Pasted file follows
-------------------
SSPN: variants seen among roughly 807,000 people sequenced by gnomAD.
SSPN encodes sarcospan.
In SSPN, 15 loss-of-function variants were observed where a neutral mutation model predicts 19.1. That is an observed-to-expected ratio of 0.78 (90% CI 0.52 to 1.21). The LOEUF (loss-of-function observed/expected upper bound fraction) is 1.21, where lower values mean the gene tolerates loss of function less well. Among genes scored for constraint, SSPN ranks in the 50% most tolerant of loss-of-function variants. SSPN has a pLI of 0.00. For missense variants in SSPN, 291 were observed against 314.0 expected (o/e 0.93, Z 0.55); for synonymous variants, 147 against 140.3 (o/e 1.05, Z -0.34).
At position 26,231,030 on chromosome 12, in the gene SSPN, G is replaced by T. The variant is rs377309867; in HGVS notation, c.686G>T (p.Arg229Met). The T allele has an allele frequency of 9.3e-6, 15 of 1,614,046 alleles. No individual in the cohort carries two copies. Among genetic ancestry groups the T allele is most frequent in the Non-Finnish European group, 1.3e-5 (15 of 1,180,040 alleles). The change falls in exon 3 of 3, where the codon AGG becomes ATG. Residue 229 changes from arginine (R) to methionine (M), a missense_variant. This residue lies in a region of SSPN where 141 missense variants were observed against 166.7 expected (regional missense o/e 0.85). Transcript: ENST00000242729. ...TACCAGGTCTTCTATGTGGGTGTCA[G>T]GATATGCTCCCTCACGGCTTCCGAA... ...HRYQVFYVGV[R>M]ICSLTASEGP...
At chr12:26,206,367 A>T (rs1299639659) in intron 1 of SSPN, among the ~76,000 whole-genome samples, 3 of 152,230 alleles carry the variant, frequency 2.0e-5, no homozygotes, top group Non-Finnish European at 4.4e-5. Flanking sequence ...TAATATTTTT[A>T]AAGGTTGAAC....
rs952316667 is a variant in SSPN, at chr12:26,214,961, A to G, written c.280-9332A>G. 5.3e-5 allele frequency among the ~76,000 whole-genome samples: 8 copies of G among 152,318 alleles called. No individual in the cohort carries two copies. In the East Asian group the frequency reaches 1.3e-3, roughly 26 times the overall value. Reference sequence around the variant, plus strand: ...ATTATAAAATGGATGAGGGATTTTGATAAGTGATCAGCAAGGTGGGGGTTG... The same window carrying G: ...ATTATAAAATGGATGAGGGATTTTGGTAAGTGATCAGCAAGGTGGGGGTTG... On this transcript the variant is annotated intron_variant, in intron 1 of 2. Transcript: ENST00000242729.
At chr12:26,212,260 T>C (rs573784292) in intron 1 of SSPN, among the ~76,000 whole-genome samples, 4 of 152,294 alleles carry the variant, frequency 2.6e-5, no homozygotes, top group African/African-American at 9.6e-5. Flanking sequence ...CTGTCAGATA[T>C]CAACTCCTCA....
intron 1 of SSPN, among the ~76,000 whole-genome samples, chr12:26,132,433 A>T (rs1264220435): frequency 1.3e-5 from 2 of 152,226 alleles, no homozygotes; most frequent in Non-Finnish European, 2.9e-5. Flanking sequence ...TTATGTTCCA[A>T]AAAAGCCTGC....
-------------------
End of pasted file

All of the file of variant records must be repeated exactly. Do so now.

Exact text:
SSPN: variants seen among roughly 807,000 people sequenced by gnomAD.
SSPN encodes sarcospan.
In SSPN, 15 loss-of-function variants were observed where a neutral mutation model predicts 19.1. That is an observed-to-expected ratio of 0.78 (90% CI 0.52 to 1.21). The LOEUF (loss-of-function observed/expected upper bound fraction) is 1.21, where lower values mean the gene tolerates loss of function less well. Among genes scored for constraint, SSPN ranks in the 50% most tolerant of loss-of-function variants. SSPN has a pLI of 0.00. For missense variants in SSPN, 291 were observed against 314.0 expected (o/e 0.93, Z 0.55); for synonymous variants, 147 against 140.3 (o/e 1.05, Z -0.34).
At position 26,231,030 on chromosome 12, in the gene SSPN, G is replaced by T. The variant is rs377309867; in HGVS notation, c.686G>T (p.Arg229Met). The T allele has an allele frequency of 9.3e-6, 15 of 1,614,046 alleles. No individual in the cohort carries two copies. Among genetic ancestry groups the T allele is most frequent in the Non-Finnish European group, 1.3e-5 (15 of 1,180,040 alleles). The change falls in exon 3 of 3, where the codon AGG becomes ATG. Residue 229 changes from arginine (R) to methionine (M), a missense_variant. This residue lies in a region of SSPN where 141 missense variants were observed against 166.7 expected (regional missense o/e 0.85). Transcript: ENST00000242729. ...TACCAGGTCTTCTATGTGGGTGTCA[G>T]GATATGCTCCCTCACGGCTTCCGAA... ...HRYQVFYVGV[R>M]ICSLTASEGP...
At chr12:26,206,367 A>T (rs1299639659) in intron 1 of SSPN, among the ~76,000 whole-genome samples, 3 of 152,230 alleles carry the variant, frequency 2.0e-5, no homozygotes, top group Non-Finnish European at 4.4e-5. Flanking sequence ...TAATATTTTT[A>T]AAGGTTGAAC....
rs952316667 is a variant in SSPN, at chr12:26,214,961, A to G, written c.280-9332A>G. 5.3e-5 allele frequency among the ~76,000 whole-genome samples: 8 copies of G among 152,318 alleles called. No individual in the cohort carries two copies. In the East Asian group the frequency reaches 1.3e-3, roughly 26 times the overall value. Reference sequence around the variant, plus strand: ...ATTATAAAATGGATGAGGGATTTTGATAAGTGATCAGCAAGGTGGGGGTTG... The same window carrying G: ...ATTATAAAATGGATGAGGGATTTTGGTAAGTGATCAGCAAGGTGGGGGTTG... On this transcript the variant is annotated intron_variant, in intron 1 of 2. Transcript: ENST00000242729.
At chr12:26,212,260 T>C (rs573784292) in intron 1 of SSPN, among the ~76,000 whole-genome samples, 4 of 152,294 alleles carry the variant, frequency 2.6e-5, no homozygotes, top group African/African-American at 9.6e-5. Flanking sequence ...CTGTCAGATA[T>C]CAACTCCTCA....
intron 1 of SSPN, among the ~76,000 whole-genome samples, chr12:26,132,433 A>T (rs1264220435): frequency 1.3e-5 from 2 of 152,226 alleles, no homozygotes; most frequent in Non-Finnish European, 2.9e-5. Flanking sequence ...TTATGTTCCA[A>T]AAAAGCCTGC....